PLASKON: Goodman also announced that Don Snider of the Boyd Corporation would make the first 1-million dollar contribution to a performing arts center downtown.

SOUND: Coughing

PLASKON: He started to go hoarse after 20 minutes of selling the city to the largely converted audience. He had said downtown is a very safe place, listed all the events from first Friday to the centennial, to the immanent return of Elvis and more seriously a unique PBS documentary on Las Vegas, also a movie celebration called Cine Vegas. In the end he said all he wanted was for Las Vegans to make a change too and be proud.

GOODMAN: I am hoping at the end of the day when the people of Las Vegas and they are asked where are you from that they don't say Philli or New York or Los Angeles, when they see that we have a rich history, at the end of the day they say that they are Las Vegans."

PLASKON: And that may be the biggest challenge of all. While there are lots of new projects, the throngs of Las Vegans with dispensable income he wants to converge in the core of downtown haven't materialized. Earlier in the day, before his speech he had a visitor in his office. Ben Ardito, the owner of Take One Night Club and Benedetos Italian restaurant, the first and only business to brave downtown's new entertainment district, had been complaining that money is pouring out of his pockets to stay in business.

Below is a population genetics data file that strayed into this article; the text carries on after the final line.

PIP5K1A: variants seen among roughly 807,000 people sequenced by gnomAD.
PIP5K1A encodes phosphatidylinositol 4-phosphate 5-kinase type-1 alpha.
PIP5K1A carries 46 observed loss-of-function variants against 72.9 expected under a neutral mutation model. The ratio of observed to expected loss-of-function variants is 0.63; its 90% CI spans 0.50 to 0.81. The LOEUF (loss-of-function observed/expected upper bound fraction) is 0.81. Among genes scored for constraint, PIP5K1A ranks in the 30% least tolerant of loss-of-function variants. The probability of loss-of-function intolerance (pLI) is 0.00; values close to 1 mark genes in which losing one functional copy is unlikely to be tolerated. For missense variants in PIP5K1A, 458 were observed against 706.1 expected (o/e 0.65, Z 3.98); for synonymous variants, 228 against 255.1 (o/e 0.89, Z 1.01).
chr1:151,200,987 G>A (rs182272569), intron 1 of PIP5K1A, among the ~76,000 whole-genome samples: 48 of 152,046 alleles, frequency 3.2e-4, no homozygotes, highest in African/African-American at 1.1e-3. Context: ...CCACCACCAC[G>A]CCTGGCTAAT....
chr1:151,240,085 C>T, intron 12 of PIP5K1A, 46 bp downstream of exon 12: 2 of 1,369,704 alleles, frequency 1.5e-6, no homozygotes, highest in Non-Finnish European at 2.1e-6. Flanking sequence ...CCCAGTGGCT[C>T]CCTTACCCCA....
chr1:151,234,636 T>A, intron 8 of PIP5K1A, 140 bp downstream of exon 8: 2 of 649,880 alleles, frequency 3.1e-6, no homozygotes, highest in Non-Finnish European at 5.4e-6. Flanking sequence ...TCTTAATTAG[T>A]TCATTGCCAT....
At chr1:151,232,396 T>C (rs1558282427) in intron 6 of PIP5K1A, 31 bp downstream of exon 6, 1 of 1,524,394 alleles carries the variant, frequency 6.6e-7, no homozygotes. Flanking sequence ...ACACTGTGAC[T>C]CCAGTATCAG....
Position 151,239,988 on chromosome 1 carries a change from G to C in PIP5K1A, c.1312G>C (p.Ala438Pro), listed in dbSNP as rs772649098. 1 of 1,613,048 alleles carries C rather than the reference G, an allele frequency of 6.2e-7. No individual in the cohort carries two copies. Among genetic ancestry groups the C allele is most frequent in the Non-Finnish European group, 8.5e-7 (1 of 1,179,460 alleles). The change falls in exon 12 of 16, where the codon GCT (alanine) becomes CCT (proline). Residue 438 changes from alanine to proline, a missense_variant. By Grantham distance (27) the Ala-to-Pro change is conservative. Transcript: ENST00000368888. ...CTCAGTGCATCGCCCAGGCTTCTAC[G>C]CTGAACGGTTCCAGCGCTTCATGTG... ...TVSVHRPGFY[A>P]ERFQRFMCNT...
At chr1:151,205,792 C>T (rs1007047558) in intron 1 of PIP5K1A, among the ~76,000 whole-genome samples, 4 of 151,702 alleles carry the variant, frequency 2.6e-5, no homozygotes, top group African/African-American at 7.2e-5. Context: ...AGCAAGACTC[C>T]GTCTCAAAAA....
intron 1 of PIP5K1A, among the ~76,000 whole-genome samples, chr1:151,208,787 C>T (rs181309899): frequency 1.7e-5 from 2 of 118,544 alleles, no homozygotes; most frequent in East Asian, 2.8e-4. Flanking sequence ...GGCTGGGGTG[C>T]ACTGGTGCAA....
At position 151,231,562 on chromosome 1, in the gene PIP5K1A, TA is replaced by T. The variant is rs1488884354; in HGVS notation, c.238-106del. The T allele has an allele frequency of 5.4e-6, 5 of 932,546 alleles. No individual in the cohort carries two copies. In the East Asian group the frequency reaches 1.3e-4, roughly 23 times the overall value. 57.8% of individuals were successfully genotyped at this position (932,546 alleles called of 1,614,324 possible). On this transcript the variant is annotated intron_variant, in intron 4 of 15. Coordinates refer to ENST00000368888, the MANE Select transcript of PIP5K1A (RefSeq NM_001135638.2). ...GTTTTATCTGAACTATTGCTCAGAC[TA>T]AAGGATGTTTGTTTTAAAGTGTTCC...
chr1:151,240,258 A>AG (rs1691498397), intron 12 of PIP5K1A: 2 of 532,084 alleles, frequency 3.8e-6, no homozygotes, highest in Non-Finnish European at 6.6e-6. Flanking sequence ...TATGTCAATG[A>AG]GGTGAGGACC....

ARDITO: It is not the city that is not doing it, it is that the people are still afraid. And we put ads in the paper and I know what is happening, people are looking at it and saying ooo look, oh it is downtown and then they shut it. And I don't know how we can get them to know that it is safe now, we just don't know what else to do.

PLASKON: The mayor did what he could by plugging Take One in his speech and he sold an even bigger investment that he says will really draw Las Vegan's to downtown - sports. Among planned development he is fighting for is a baseball park. One of his hopes is that Hall of Famer Reggie Jackson will succeed in bringing a team to Las Vegas. In that case he said the city would become the envy of the nation as the first home to an African American-owned baseball team. That idea does make at least one Las Vegan proud of being a Las Vegan, City Planning Commissioner Byron A. Goynes.

GOYNES: I think that was sensational. I think that throughout the nation there are cities that would revel to have a first product of that magnitude of major baseball that an African American owns a franchise. I think that is paramount with civil rights and just bringing neighborhoods together to work.

PLASKON: The mayor said the city is still in negotiations on development of 61 acres downtown that could be the site of a ballpark for such a team. Goodman expects to reveal a deal with developer The Related Companies on that land in two months and groundbreaking on the project to start in August.

Ky Plaskon, News 88-9 KNPR